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See detailPuzzles of Coalition Formation. Coalition Theory and Deviant Cases
Andeweg, Rudy; De Winter, Lieven; Dumont, Patrick UL

Book published by Routledge (2011)

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See detailWho gets what in coalition governments? Predictors of portfolio allocation in parliamentary democracies
Bäck, Hanna; Debus, Marc; Dumont, Patrick UL

in European Journal of Political Research (2011), 50(4), 441-478

Ministerial portfolios are the most obvious payoffs for parties entering a governing coalition in parliamentary democracies. This renders the bargaining over portfolios an important phase of the ... [more ▼]

Ministerial portfolios are the most obvious payoffs for parties entering a governing coalition in parliamentary democracies. This renders the bargaining over portfolios an important phase of the government formation process. The question of 'who gets what, and why?' in terms of ministerial remits has not yet received much attention by coalition or party scholars. This article focuses on this qualitative aspect of portfolio allocation and uses a new comparative dataset to evaluate a number of hypotheses that can be drawn from the literature. The main hypothesis is that parties which, in their election manifestos, emphasise themes corresponding to the policy remit of specific cabinet portfolios are more likely to obtain control over these portfolios. The results show that policy saliency is indeed an important predictor of portfolio allocation in postwar Western European parliamentary democracies. [less ▲]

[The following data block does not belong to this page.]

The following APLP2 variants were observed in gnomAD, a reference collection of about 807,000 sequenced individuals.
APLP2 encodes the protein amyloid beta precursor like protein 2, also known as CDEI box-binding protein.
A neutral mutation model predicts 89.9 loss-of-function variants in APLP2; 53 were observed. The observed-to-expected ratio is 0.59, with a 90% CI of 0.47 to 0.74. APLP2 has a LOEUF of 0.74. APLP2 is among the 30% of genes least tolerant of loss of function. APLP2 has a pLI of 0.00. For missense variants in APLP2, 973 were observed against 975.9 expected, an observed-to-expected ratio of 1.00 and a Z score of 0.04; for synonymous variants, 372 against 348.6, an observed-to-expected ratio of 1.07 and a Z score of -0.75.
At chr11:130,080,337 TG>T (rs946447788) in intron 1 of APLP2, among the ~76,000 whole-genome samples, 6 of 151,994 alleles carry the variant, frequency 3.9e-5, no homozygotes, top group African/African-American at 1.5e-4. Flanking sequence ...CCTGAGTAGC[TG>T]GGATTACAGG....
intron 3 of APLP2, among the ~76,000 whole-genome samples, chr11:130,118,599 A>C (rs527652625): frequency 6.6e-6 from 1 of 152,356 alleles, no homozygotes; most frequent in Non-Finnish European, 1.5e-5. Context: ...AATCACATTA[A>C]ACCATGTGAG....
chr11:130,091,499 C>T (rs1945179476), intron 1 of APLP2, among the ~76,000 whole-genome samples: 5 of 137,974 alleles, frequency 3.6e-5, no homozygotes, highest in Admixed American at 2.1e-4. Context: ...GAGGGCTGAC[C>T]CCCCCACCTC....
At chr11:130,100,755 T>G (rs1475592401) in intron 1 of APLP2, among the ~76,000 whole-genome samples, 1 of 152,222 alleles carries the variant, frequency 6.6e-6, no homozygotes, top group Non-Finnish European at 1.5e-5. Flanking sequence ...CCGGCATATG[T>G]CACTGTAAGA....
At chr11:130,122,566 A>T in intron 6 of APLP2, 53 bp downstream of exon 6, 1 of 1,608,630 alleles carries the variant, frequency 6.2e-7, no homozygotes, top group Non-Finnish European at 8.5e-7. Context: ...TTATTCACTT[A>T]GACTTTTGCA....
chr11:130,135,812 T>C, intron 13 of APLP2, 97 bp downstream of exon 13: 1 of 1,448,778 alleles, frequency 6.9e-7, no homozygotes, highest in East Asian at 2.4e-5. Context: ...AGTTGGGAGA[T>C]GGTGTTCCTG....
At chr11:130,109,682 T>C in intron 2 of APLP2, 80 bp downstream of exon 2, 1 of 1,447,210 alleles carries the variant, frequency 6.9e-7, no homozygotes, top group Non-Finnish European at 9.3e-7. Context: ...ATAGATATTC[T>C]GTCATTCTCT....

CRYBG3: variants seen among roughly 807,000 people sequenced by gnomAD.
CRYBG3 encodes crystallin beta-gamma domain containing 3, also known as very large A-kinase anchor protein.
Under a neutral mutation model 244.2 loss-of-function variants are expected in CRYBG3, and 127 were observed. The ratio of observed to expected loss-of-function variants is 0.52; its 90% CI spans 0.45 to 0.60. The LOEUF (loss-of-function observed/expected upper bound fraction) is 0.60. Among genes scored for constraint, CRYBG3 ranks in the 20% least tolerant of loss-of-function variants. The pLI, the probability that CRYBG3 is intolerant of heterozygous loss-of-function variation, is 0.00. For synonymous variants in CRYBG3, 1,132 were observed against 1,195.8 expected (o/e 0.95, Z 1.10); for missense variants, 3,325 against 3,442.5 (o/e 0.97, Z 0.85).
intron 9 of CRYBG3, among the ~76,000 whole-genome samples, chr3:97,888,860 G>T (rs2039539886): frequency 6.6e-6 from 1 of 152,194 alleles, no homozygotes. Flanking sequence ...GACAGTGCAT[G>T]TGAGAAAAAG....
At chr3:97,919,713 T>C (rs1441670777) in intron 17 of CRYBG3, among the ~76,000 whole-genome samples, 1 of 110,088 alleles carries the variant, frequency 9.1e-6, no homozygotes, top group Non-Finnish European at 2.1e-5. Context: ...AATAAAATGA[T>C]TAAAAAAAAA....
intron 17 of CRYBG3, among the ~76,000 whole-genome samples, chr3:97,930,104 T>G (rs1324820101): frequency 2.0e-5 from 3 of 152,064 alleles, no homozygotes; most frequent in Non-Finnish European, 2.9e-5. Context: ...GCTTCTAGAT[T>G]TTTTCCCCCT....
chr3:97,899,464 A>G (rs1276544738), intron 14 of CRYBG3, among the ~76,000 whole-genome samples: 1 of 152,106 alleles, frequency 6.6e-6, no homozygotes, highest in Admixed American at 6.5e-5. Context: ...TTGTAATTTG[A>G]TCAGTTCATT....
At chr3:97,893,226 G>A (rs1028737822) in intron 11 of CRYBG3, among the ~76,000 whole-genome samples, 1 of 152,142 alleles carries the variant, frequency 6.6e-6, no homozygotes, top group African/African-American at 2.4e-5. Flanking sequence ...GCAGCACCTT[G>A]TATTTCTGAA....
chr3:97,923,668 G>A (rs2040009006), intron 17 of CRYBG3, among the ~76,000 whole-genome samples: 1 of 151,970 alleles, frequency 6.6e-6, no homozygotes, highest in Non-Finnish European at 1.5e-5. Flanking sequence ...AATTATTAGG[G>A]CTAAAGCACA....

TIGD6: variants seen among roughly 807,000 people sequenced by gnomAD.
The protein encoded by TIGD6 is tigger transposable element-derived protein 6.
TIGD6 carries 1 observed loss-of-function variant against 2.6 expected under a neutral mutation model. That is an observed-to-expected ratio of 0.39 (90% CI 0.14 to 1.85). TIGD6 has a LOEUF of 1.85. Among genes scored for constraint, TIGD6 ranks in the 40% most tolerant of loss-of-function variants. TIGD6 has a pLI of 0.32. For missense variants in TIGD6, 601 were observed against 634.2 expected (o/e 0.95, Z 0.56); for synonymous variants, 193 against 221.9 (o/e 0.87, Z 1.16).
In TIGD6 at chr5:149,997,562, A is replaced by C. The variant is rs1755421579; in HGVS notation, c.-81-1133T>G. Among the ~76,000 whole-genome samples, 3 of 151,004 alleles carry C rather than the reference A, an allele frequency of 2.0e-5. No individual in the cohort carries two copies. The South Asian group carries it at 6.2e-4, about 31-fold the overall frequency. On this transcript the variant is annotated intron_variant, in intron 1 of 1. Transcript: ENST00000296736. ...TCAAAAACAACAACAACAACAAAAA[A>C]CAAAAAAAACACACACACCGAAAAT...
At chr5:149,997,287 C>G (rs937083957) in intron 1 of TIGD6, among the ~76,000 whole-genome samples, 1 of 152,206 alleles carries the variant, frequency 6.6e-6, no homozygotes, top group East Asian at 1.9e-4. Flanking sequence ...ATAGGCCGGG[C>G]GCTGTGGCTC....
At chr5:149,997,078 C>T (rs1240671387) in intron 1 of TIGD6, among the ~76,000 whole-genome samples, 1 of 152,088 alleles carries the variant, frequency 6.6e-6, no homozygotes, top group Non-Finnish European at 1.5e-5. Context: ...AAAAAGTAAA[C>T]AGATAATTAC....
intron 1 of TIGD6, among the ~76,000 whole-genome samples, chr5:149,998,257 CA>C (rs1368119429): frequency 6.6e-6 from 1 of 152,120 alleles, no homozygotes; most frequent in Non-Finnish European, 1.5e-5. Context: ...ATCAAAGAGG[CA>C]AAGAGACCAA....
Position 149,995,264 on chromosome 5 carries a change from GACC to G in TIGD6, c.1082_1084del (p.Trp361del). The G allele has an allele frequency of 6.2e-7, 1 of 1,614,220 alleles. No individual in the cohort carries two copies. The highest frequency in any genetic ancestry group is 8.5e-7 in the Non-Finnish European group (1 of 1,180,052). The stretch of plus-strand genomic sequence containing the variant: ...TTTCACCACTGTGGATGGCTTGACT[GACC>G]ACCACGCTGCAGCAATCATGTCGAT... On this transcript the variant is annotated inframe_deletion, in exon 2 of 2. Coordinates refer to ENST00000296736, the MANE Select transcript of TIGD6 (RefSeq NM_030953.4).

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See detailAnalyse des élections au Luxembourg de Juin 2009
Dumont, Patrick UL; Kies, Raphaël UL; Spreitzer, Astrid et al

Report (2010)

Le chapitre 1 Législations, partis et campagne électorale au Luxembourg retrace d’une part les transformations du système politique luxembourgeois (avec la modification de la loi électorale, la ... [more ▼]